"In order not to have to keep track of the VMware method, the AWS method, the Cisco method, etcetera, it can be very advantageous to bring the micro-segmentation technology away from just the network and pull it down to the individual endpoint systems," he said.

When choosing a platform for hybrid and multi-cloud data center environments, this kind of capability is essential, he said.

Data centers should also choose platforms that allow for granular policy-based security controls with reliable orchestration methods, he added, "and which provide meaningful visibility and analytics for audit and iterative improvement."

According to Forrester analyst Chase Cunningham, the more mature organizations are leading the way in deploying this technology.

"But it's gaining ground across the industry," he said. "It should mean that it's easier for data center managers to have command and control of their infrastructure and greater capability to dial in security based on granular controls."

And there's been substantial interest from investors, he added. "We've probably seen a few hundred million dollars worth of investment in this particular area in the last 12 months."

The news also illustrates a trend toward delivering enterprise security via a SaaS model, said Alex Young, VP of engineering at Cloud Academy.

Last month, for example, there was a $70 million funding round for Expanse, another cloud-based security vendor, bringing its total funding to $135 million.

"Both of these companies are providing increased and proactive solutions for managing an increasing threat from cyberattacks, both external and on network," he said. "At the same time, we see larger plays on the network side like Cloudflare, which closed a $150 million round this month to expand its active threat prevention offerings."

The data center security market is ripe for disruption, said Guardicore's Burton.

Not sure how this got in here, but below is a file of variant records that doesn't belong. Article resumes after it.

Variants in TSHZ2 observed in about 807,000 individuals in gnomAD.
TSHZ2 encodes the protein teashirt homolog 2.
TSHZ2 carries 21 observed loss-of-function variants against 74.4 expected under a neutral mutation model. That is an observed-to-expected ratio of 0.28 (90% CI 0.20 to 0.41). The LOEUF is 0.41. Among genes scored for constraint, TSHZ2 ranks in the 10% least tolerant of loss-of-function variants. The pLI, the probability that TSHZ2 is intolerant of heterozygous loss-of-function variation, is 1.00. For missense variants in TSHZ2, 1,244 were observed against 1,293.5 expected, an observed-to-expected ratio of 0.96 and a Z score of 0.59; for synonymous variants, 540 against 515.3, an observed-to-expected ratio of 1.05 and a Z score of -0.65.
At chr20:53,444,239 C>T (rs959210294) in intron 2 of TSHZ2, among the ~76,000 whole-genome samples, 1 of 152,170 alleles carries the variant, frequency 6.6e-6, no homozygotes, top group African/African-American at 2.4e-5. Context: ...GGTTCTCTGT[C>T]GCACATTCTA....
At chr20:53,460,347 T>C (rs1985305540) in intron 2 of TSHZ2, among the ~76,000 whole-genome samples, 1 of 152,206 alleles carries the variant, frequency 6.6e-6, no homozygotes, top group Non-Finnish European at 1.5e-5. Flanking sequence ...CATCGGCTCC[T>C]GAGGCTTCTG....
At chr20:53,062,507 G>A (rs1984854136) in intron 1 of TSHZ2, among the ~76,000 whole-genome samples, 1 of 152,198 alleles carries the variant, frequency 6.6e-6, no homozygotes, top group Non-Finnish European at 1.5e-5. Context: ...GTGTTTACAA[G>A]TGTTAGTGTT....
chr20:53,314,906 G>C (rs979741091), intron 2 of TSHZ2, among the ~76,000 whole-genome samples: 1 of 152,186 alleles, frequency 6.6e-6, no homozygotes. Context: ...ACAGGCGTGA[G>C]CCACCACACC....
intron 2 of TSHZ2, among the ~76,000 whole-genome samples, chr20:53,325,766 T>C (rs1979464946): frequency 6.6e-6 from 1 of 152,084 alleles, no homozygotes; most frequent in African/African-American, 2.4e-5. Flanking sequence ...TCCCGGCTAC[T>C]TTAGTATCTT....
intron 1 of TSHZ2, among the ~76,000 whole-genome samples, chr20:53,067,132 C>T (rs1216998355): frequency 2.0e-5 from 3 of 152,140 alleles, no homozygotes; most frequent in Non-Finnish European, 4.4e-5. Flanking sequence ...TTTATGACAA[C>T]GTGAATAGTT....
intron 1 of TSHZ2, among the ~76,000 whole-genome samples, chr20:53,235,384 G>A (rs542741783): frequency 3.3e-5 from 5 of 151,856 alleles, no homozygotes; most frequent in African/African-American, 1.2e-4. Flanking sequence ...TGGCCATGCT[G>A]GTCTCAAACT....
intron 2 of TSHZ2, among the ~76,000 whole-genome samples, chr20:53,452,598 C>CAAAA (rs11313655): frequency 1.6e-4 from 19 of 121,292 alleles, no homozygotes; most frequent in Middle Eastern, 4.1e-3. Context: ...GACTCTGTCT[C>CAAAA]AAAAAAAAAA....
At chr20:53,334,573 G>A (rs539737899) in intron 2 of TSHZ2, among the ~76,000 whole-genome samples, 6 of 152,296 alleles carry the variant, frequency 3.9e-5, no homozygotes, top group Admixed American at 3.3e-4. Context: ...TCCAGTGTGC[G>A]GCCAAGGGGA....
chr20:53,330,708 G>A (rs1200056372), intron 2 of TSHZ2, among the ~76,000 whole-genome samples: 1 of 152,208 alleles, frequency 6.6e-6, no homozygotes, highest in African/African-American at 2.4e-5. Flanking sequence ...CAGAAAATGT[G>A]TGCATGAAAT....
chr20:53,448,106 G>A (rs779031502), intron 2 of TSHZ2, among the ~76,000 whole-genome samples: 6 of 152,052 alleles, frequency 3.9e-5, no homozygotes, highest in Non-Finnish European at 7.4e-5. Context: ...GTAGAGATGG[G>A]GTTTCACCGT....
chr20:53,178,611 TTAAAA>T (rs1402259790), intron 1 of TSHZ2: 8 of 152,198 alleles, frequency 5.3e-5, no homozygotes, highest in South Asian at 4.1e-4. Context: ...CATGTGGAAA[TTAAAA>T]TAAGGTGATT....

"There's transformation and change happening in the data center," he said. "There's more virtualization in on-prem data centers, and more hybrid deployments, often times multi-cloud."

Deutsche Bank, for example, is using Guardicore to protect critical assets both on premises and in the cloud, Alan Meirzon, director of the chief information security office at Deutsche Bank, said in a statement.

"Guardicore gives us an effective way to protect our critical assets through segmentation," he said.

Microsegmentation is also a key step toward building zero-trust networks, or, as Gartner calls it, "continuous adaptive risk and trust assessment," or CARTA

According to Gartner, by 2020, 25 percent of new digital business initiatives will adopt a CARTA approach, up from less than 5 percent in 2017.

And the first step, Gartner says, is deploying context-aware, adaptive, and programmable security platforms.

About the Author(s)

Maria Korolov

Maria Korolov is an award-winning technology journalist who covers cybersecurity, AI, and extended reality. She also writes science fiction.

Subscribe to the Data Center Knowledge Newsletter
Get analysis and expert insight on the latest in data center business and technology delivered to your inbox daily.

You May Also Like